It started with a snowflake and became one of the world’s greatest mathematical mysteries.
Four centuries later and that mystery was solved by a professor now residing at Pitt.
Andrew W. Mellon Professor of Mathematics Thomas C. Hales has been selected by the American Mathematical Society to be an inaugural fellow in 2013. AMS is the world’s largest society dedicated to “further the interests of mathematical research and scholarship,” according to its mission statement.
Hales earned this distinction for his work on the Kepler Conjecture, a statement about sphere packing that, though regarded as accurate, had never been mathematically proven — until now.
Hales and graduate student Samuel Ferguson announced the breakthrough back in 1998 while working at the University of Michigan. But it was only in 2006, after a panel of 12 referees became exhausted in their attempt to check Hales’ work, that a journal allowed its publication in the Annals of Mathematics. The entire process was highly unusual.
“When you see a problem that’s gone unsolved for 400 years, you get lured in by how easy it seems,” Hales said. “By the time I realized the difficulty of it, I was hooked.”
Hales recounted the extensive process that led to the conjecture’s proof. The story began long before the conjecture’s namesake, Johannes Kepler, entered the picture, with a conversation in the late 1590s between two men: Sir Walter Raleigh and Thomas Harriot.
Raleigh, an English aristocrat, adventurer, author and poet, was about to embark on a sea voyage and needed some organizational assistance. He turned to Harriot, a renowned astronomer and mathematician, and asked the best way to stack cannonballs on a ship.
Harriot, one of the initial believers of the atomic theory, began corresponding with his friend, Kepler.
Kepler, a German scholar, had already made a name for himself in the fields of mathematics and astronomy, postulating laws of planetary motion.
Kepler was unconvinced by the similarities between the cannonball concept and the newfangled atomic theory that was milling about until he was walking down an alley and saw a six-sided snowflake.
Then, everything changed.
Kepler began to think of the snowflake’s structure and the internal arrangements that led to its hexagonic nature. Kepler proposed the cannonball arrangement in 1611 as the densest method of sphere packing — the same method grocers frequently utilize when stacking oranges or other spherical edibles.
However, Kepler couldn’t prove his own idea.
“The Kepler conjecture is famous partly because it took so long to prove and because many great mathematicians attacked the problem over the centuries without success or with partial success. [Sir Isaac] Newton and [Carl Friedrich] Gauss both worked on it and brought some insight into the problem but couldn’t solve it,” said Ivan Yotov, the chair of Pitt’s mathematics department.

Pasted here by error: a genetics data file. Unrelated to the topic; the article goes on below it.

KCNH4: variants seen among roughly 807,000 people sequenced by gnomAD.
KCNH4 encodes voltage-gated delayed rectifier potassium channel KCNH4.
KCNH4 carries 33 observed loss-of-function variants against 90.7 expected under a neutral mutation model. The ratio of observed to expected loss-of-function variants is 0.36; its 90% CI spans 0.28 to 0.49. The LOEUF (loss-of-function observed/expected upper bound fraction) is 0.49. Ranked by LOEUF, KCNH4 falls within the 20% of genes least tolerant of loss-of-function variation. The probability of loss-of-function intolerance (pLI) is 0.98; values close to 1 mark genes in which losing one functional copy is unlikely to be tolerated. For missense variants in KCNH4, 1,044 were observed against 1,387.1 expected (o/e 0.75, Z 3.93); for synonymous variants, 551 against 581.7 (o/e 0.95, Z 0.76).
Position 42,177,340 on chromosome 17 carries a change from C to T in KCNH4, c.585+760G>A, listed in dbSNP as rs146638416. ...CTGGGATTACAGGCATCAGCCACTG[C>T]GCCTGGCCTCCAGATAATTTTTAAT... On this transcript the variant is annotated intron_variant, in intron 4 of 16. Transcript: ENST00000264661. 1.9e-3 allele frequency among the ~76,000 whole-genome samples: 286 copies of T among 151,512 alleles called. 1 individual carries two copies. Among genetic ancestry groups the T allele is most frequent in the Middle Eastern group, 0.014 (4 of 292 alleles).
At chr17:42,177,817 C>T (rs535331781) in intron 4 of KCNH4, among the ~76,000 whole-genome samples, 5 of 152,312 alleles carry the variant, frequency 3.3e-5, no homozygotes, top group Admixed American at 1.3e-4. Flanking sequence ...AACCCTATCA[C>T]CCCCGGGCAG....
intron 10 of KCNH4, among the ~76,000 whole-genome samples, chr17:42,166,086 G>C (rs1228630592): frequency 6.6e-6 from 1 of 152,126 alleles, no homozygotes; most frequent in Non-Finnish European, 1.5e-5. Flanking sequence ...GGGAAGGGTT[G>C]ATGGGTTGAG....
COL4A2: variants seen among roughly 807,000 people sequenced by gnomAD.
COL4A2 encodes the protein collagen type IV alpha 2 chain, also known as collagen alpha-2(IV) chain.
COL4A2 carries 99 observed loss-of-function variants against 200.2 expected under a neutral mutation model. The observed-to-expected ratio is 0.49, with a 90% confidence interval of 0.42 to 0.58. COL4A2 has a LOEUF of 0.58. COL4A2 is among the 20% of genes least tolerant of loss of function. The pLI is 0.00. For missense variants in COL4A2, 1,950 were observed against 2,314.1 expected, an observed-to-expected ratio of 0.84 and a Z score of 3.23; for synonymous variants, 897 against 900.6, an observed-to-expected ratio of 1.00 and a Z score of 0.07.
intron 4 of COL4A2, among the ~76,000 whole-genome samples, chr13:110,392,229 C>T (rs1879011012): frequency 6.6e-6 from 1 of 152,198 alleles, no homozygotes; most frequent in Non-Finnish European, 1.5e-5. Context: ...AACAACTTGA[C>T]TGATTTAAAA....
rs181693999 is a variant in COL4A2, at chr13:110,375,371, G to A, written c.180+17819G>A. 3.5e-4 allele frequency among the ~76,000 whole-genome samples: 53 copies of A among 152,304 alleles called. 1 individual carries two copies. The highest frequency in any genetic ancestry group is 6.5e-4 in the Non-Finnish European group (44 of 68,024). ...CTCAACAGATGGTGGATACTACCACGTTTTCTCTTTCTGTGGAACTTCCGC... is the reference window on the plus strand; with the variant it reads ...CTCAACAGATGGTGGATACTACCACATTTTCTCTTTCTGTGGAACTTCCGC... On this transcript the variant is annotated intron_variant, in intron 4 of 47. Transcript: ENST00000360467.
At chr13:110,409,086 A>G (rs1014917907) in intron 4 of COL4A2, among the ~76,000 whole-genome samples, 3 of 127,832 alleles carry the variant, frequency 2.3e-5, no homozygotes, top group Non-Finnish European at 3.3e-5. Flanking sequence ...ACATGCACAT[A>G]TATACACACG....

In 1900, the famous mathematician David Hilbert named the conjecture on his list of 23 problems in mathematics. Hilbert’s list of unsolved conjectures directed the field for much of the 20th century.
The problem seems simple enough but was nearly impossible to prove. There were innumerable possibilities in arranging the spheres, and to solve the conjecture, Hales would have to go through each one.
“The increase in the power of computers led to the ability to solve it. Computers had to run for three months to generate the solution,” Hale said.
Yotov expounded on the importance of computers in proving the conjecture.
“Professor Hales’ proof is based on reducing the infinitely many possibilities to about 5,000 that potentially could be better. He then eliminates them one by one by using a sophisticated computer program,” Yotov said. “This is a fascinating example of combining traditional pen-and-paper mathematical arguments with computations.”
Even when the 300-page proof was submitted in 1998, the process was far from finished. Each year the dozen referees would return to Hales, informing him that they were 99 percent certain it was correct but needed more time. Finally, in 2006, they pled exhaustion and formally announced they were 99 percent certain of the proof’s correctness. The journal accepted Hales’ work and published the proof.
But Hales was unsatisfied.
“This was ridiculous. Math should be cut and dry. You shouldn’t have to wait years and years. I thought, there’s gotta be a better way,” Hales said.
And so began the Flyspeck Project, a project aimed to act as an artificial referee by completely checking the accuracy of a proof. Under the project, a formal proof is created, which differs from a traditional one in that every intermediate step is provided with no jumps left up to intuition. Because it is less intuitive, the formal proof is less susceptible to logical errors.
Hales is close to the project’s completion now, which would allow for 100-percent certainty in regard to his proof.
Although the program would “still require a certain amount of human interaction,” Hales said, it has far-reaching applications.
Flyspeck could be used to check the accuracy of computer encoding on chips, thereby preventing costly recalls such as that of Intel’s mishap in 1994, which cost over $400 million. The bug had significant repercussions because of the incorrect divisions it caused.
The program could also be used for the monitoring of aircraft software or automobile braking systems. Sphere packing itself is important for engineers, as well as for error-correcting codes.
Hales’ recently published book, “Dense Sphere Packings: A Blueprint for Formal Proofs,” demonstrates the new “proving of the proof” along with additional conjecture solutions in discrete geometry.
“The resolution of the Kepler Conjecture is one of the most important developments in discrete and computational geometry in the last century,” Yotov said.